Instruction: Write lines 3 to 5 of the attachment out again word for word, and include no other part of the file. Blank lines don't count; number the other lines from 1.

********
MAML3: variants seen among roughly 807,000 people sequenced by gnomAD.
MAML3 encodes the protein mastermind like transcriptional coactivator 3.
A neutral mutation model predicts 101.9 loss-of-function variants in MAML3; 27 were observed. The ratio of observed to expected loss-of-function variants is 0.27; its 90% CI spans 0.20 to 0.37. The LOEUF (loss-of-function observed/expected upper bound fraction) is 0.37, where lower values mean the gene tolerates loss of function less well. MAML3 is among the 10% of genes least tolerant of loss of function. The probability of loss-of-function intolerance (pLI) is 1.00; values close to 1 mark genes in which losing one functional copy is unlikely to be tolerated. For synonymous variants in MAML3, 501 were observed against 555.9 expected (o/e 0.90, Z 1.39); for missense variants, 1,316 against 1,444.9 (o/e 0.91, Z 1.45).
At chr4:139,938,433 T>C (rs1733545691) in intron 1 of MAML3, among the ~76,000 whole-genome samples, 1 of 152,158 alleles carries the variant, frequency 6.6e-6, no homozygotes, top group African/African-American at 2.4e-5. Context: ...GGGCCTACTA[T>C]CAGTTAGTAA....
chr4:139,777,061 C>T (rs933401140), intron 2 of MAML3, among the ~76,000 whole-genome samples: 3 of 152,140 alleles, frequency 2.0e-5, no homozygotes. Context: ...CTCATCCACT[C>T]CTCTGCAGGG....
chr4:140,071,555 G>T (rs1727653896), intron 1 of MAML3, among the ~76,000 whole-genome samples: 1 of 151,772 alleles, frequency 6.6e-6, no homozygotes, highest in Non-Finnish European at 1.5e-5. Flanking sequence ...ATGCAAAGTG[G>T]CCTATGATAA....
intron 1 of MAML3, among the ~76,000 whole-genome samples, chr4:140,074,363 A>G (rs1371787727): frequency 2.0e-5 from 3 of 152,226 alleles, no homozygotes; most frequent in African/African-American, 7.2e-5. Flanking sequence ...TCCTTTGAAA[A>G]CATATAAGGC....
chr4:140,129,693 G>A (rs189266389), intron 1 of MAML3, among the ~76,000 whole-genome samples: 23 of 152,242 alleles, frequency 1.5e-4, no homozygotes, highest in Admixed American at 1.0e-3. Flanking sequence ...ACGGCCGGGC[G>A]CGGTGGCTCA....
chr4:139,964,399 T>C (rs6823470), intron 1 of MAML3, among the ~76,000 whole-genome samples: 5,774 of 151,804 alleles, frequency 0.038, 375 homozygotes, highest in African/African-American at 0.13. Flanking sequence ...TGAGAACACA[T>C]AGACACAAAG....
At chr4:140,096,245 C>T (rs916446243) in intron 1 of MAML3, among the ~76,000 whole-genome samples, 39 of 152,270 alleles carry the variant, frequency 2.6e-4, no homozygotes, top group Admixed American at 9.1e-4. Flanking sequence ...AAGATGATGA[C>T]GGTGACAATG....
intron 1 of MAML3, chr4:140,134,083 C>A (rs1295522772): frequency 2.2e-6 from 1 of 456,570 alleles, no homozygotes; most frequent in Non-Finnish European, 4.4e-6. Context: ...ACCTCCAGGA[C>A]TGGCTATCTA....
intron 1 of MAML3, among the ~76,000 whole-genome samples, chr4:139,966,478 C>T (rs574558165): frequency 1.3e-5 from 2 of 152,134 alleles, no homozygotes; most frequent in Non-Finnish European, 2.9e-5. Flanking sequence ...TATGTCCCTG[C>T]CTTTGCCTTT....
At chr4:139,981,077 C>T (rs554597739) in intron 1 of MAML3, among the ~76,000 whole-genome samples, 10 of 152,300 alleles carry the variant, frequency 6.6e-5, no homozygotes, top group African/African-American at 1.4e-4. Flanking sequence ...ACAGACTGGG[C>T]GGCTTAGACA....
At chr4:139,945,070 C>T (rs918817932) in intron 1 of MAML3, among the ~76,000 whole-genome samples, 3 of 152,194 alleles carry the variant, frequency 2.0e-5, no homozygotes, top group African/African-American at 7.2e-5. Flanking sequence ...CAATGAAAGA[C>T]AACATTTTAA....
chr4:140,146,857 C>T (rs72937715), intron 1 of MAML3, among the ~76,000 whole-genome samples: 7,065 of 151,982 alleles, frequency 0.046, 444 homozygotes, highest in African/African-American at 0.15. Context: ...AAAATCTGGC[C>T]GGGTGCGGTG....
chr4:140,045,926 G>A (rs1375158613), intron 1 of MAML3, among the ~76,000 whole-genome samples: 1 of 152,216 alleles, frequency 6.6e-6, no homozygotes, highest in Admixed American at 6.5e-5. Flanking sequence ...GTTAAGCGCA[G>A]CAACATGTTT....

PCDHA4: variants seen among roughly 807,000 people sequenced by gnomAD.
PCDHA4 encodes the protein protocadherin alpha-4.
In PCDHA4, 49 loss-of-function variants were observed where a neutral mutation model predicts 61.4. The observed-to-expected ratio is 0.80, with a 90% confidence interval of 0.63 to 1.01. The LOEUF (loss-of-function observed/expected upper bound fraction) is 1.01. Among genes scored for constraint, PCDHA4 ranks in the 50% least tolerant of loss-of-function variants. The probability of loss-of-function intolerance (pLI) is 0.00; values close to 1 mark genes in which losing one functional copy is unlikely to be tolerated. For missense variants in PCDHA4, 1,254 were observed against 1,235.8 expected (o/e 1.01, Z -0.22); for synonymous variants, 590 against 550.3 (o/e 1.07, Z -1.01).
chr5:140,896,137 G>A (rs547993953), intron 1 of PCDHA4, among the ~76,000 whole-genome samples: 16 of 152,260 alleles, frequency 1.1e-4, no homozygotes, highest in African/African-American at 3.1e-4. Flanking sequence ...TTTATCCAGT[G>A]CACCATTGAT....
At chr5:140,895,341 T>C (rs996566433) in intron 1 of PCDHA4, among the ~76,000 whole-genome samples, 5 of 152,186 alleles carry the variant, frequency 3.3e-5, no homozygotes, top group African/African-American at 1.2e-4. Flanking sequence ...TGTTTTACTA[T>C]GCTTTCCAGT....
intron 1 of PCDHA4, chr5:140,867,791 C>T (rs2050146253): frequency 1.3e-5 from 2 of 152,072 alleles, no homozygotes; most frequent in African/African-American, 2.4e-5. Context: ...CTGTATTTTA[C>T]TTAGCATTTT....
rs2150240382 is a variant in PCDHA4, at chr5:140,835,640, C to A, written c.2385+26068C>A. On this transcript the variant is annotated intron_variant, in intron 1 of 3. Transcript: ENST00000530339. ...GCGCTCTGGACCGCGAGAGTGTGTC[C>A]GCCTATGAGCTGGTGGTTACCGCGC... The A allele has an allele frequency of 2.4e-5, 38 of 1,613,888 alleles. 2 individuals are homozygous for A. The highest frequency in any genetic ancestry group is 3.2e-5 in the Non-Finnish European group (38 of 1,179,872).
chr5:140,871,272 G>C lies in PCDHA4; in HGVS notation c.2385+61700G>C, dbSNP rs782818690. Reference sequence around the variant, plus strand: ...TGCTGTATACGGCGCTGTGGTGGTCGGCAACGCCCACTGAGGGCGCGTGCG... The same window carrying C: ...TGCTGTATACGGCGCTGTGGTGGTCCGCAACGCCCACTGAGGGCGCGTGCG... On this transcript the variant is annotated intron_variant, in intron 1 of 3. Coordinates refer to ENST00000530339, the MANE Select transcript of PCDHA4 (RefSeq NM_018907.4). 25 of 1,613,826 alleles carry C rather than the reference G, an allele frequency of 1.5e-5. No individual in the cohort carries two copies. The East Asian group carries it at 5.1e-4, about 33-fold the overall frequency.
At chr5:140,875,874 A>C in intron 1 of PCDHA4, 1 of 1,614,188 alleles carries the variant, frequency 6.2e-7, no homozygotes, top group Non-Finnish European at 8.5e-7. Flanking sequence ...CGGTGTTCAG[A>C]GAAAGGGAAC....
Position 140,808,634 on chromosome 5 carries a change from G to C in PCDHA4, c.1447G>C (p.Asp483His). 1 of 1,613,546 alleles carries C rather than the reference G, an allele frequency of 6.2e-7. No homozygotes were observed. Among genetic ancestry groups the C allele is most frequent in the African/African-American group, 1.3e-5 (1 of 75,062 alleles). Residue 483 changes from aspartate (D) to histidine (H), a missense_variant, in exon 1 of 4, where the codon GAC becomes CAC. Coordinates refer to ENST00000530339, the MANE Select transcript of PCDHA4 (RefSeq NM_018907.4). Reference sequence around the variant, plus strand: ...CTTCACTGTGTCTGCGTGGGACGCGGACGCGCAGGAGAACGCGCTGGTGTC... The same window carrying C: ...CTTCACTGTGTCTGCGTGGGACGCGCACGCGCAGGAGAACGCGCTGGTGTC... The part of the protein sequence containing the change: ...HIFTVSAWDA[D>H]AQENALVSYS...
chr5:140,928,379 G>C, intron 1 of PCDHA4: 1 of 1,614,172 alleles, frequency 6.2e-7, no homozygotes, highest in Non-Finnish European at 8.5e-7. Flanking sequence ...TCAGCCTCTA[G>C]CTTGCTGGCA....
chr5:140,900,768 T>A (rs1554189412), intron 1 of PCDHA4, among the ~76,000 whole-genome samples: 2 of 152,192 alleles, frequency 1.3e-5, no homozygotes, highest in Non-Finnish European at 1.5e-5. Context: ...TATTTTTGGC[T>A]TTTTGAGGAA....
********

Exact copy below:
A neutral mutation model predicts 101.9 loss-of-function variants in MAML3; 27 were observed. The ratio of observed to expected loss-of-function variants is 0.27; its 90% CI spans 0.20 to 0.37. The LOEUF (loss-of-function observed/expected upper bound fraction) is 0.37, where lower values mean the gene tolerates loss of function less well. MAML3 is among the 10% of genes least tolerant of loss of function. The probability of loss-of-function intolerance (pLI) is 1.00; values close to 1 mark genes in which losing one functional copy is unlikely to be tolerated. For synonymous variants in MAML3, 501 were observed against 555.9 expected (o/e 0.90, Z 1.39); for missense variants, 1,316 against 1,444.9 (o/e 0.91, Z 1.45).
At chr4:139,938,433 T>C (rs1733545691) in intron 1 of MAML3, among the ~76,000 whole-genome samples, 1 of 152,158 alleles carries the variant, frequency 6.6e-6, no homozygotes, top group African/African-American at 2.4e-5. Context: ...GGGCCTACTA[T>C]CAGTTAGTAA....
chr4:139,777,061 C>T (rs933401140), intron 2 of MAML3, among the ~76,000 whole-genome samples: 3 of 152,140 alleles, frequency 2.0e-5, no homozygotes. Context: ...CTCATCCACT[C>T]CTCTGCAGGG....